The Gedabu (Sonneratia ovata), another rare mangrove tree, is also found here. The wood of this tree is used for firewood, and the fruit is eaten by locals, and hence the tree is often cultivated in Malay villages.

Bakau Pasir (Rhizophora stylosa)
Other mangrove trees found here include the Bakau Pasir (Rhizophora stylosa) with its prop roots and stilt root. The seedlings are eaten fresh, while the wood can be made into charcoal.

Along the trail, there were also a few disused prawn ponds that were converted into fresh water ponds, and several water plants can be seen along the edges.

Here, you can see the Water Horn Fern (Ceratopteris thalictroides) growing among the other water plants. This plant is eaten as a vegetable in some places, and is also widely planted as an aquarium plant.

Piai Raya (Acrostichum aureum)
The Piai Raya (Acrostichum aureum), a fern found both in the mangroves and in fresh water marshes, can be seen at the edges of the pond too. This fern can grow as tall as 4m, and prefers sunny sites. Like other ferns, they reproduce from spores, and large sporangia cover the undersides of fertile fronds.

You will eventually reach the main road, Jalan Ubin, with kampong trees and kampong houses on both sides of the road.

You can find the Cacao (Theobroma cacao) tree here, and this is the tree that you get your chocolate from! The seeds of this plant are used to make cocoa powder and chocolate.

Many Durian (Durio spp.) trees are planted by the villagers here, though you would have already seen many in the Secret Garden earlier. If you come in the middle of the year or the beginning of the year, you may even see the fruits hanging from the branches!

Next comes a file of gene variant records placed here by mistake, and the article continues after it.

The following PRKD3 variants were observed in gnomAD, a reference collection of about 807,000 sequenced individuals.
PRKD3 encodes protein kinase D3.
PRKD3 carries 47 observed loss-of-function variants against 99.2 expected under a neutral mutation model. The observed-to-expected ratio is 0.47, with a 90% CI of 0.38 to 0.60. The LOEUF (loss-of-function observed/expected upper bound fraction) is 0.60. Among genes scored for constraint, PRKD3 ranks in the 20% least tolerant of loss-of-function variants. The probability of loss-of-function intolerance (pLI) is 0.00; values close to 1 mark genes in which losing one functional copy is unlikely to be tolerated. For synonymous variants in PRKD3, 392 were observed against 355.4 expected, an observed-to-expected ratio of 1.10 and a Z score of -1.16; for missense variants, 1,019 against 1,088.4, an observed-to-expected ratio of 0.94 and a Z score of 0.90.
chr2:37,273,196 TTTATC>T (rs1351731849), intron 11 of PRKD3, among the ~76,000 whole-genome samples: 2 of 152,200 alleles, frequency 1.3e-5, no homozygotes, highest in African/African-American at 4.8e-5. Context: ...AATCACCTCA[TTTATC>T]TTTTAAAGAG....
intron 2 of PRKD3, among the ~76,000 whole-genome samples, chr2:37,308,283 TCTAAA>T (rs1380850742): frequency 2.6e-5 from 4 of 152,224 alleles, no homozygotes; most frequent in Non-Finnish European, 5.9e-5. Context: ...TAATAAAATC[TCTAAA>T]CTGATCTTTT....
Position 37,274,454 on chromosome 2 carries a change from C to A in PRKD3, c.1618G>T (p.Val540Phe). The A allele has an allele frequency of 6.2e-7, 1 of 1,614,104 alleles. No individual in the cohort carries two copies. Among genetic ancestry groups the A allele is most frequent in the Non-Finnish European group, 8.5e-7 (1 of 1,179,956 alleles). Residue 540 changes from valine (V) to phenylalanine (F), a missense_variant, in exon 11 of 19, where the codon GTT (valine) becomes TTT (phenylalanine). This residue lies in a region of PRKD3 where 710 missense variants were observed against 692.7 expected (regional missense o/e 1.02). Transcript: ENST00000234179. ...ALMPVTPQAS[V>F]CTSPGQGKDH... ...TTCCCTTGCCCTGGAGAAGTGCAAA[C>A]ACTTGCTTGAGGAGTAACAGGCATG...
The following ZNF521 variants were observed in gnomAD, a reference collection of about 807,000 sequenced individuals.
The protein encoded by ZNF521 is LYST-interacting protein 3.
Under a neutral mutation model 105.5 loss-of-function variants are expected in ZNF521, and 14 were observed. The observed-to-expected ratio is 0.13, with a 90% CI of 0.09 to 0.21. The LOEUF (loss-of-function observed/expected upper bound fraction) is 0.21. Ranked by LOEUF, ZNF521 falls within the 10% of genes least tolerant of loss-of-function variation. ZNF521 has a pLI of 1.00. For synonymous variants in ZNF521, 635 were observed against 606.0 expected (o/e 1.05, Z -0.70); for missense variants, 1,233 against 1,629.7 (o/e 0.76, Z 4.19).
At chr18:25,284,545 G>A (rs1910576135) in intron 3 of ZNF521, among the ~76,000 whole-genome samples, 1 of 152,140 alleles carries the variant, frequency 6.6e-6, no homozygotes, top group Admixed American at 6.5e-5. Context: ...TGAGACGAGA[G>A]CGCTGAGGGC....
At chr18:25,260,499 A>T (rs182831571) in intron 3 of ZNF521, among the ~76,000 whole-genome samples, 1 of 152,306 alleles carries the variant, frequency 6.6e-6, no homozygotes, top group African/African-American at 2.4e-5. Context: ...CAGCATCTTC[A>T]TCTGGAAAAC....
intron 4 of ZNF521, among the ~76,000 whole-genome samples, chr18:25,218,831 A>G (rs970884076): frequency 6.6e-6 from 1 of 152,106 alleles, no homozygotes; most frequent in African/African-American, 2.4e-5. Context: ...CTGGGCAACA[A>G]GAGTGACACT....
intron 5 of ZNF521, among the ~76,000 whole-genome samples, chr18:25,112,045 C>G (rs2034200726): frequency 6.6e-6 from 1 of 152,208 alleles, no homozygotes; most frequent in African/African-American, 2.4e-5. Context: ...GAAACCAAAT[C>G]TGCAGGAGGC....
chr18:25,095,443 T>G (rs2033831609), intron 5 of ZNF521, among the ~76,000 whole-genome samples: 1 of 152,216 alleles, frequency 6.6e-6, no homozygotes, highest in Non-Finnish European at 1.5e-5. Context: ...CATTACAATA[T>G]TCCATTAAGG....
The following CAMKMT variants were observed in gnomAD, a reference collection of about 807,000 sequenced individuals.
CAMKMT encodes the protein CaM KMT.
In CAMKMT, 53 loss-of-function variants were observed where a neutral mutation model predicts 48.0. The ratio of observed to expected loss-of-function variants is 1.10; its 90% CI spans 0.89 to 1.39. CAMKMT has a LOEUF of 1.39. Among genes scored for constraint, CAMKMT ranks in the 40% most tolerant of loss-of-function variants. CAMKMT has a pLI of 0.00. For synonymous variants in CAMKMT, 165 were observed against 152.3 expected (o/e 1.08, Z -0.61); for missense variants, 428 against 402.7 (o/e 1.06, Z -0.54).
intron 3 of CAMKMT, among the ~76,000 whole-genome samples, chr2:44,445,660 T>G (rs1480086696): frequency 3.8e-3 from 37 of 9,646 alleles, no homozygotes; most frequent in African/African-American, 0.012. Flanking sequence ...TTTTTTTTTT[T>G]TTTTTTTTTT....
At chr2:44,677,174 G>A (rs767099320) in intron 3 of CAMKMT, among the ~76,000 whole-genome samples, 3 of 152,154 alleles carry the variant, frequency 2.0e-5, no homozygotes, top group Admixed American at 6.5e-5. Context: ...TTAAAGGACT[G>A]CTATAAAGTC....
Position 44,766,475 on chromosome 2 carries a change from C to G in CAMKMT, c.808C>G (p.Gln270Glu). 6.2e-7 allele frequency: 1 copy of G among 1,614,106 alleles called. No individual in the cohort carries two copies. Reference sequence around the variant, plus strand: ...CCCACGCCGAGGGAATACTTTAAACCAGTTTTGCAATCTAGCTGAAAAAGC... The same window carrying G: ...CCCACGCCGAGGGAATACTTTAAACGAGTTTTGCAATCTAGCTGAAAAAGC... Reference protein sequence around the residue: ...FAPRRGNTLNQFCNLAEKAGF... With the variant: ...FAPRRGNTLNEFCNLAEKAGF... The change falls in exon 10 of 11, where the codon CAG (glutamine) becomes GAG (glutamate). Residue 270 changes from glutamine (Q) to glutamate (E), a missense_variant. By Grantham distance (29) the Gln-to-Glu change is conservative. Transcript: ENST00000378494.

As mentioned earlier, the plants are the highlights of this trail, but you can usually find a few animals as well.

Keep a lookout for the insects on the plants, including moths, dragonflies, butterflies, beetles and bugs.

There are usually several interesting spiders along the way as well!

On a sunny day, lizards, such as he Malayan Water Monitor (Varanus salvator) can be easily seen.

And not to forget the birds! If any of the trees are fruiting, keep a lookout for frugivorous birds like the Pink-necked Green Pigeon (Treron vernans) above.

By the sides of the river, water birds, such as the Striated Heron (Butorides striata) may be seen.

And usually, raptors such as this White-bellied Sea Eagle (Haliaeetus leucogaster) can be seen soaring above every now and then.

If you are lucky, you may even chance upon migratory birds, including some really rare visitors such as this Oriental Scops Owl (Otus sunia)!

Mammals wise, you can sometimes see the Long-tailed Macaques (Macaca fascicularis) and Wild Boars (Sus scrofa). Please do not feed these animals as well if you see them. Once they have become more dependent on human for food, they may become more aggressive and even attack people for food. If we leave them alone, they will leave you alone too.

The trail eventually ends in Ubin Town, where you can get a cold drink, have some refreshing coconuts, or eat at one of the seafood restaurants.

The Sensory Trail indeed makes a very easy and enjoyable walk, and especially useful for introducing the original kampong lifestyle to children, or for adults to refresh their memories of their kampong days.

No comments: